By Kate Murphy : mercurynews – excerpt
SACRAMENTO — A state bill to replace surface parking lots with housing at East Bay and San Francisco BART stations passed the California Senate on Thursday, propelling the proposal one step closer to becoming law.
After a passionate debate on the Senate floor, the bill passed 26-13…
Championed by housing, transit and business interests but fought by some cities and others wary of losing local control over land-use decisions, Assembly Bill 2923 would force cities and counties to zone BART property in accordance with an ambitious policy the transit agency adopted in 2016. That policy calls for 20,000 new apartments and town homes — 35 percent of them to be rented at below market rate, system-wide — by 2040.
Perhaps more significantly, the bill would also fast-track the approvals of such developments, a process that has been known to take decades… (more)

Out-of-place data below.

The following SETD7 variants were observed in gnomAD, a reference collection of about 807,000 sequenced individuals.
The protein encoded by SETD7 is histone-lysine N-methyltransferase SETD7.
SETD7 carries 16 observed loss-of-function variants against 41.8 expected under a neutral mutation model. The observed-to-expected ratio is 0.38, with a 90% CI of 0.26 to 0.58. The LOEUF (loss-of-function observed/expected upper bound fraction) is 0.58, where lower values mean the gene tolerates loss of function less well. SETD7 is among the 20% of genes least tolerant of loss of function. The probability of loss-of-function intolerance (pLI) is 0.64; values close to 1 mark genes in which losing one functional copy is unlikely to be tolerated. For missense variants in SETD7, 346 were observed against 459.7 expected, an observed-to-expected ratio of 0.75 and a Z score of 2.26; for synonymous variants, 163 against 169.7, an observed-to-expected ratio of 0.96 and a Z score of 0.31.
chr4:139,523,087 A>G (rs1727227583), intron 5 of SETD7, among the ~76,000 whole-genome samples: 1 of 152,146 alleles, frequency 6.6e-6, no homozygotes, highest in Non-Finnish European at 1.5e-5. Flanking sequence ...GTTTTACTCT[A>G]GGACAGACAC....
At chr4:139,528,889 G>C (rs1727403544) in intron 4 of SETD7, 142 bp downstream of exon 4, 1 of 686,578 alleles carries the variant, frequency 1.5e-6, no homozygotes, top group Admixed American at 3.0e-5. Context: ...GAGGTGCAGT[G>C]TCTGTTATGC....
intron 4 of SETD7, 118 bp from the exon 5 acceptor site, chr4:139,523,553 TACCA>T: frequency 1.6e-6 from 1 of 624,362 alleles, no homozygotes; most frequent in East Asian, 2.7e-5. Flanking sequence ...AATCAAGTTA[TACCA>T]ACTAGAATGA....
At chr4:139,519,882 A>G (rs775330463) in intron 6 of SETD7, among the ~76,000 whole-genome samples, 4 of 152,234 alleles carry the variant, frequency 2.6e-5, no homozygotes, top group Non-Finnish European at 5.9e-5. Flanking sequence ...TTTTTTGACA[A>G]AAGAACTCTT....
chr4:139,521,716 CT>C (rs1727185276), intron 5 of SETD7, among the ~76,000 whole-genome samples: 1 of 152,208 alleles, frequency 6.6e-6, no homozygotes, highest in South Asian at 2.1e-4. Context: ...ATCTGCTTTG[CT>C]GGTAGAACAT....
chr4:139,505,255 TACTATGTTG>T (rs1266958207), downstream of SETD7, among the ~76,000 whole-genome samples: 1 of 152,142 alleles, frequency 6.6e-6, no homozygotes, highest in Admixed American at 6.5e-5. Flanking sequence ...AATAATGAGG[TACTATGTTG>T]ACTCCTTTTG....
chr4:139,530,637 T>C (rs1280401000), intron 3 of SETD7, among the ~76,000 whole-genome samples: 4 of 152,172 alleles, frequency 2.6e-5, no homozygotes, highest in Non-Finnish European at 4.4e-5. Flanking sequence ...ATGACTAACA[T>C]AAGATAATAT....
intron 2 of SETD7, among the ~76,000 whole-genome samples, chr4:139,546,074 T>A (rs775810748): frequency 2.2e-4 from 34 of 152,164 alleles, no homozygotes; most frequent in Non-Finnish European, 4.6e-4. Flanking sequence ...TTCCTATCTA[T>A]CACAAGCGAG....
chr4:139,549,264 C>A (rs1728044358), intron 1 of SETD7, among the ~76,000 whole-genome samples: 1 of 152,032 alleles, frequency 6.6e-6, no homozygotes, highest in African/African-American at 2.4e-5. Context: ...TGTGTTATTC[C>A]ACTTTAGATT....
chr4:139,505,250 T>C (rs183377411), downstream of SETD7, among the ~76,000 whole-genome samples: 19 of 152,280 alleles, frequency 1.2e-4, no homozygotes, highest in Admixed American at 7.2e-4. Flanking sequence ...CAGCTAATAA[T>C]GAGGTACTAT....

REGIONAL POWER: This is an example of state elected officials handing power to non-elected regional officials to override the constitutional authority of elected city and county representatives. This is the picture of the new REGIONAL GOVERNMENT being developed to avoid public scrutiny and review of changes in our communities.
So far as we know, this power is only being use to usurp local zoning and development decisions, however, since much of these decisions were the purview of environmental review and studies, this does not bode well for the environment at a time of great concern over the supply and quality of our water and other essential elements needed to expand these communities. Who is protecting us now?
Will the voters fight back in court and will they reward the elected officials who cut their power by re-electing them to office, or will they start recall proceedings in protest against those elected representatives? If San Francisco Bay Area can pass local regional control laws, so can other other regional groups.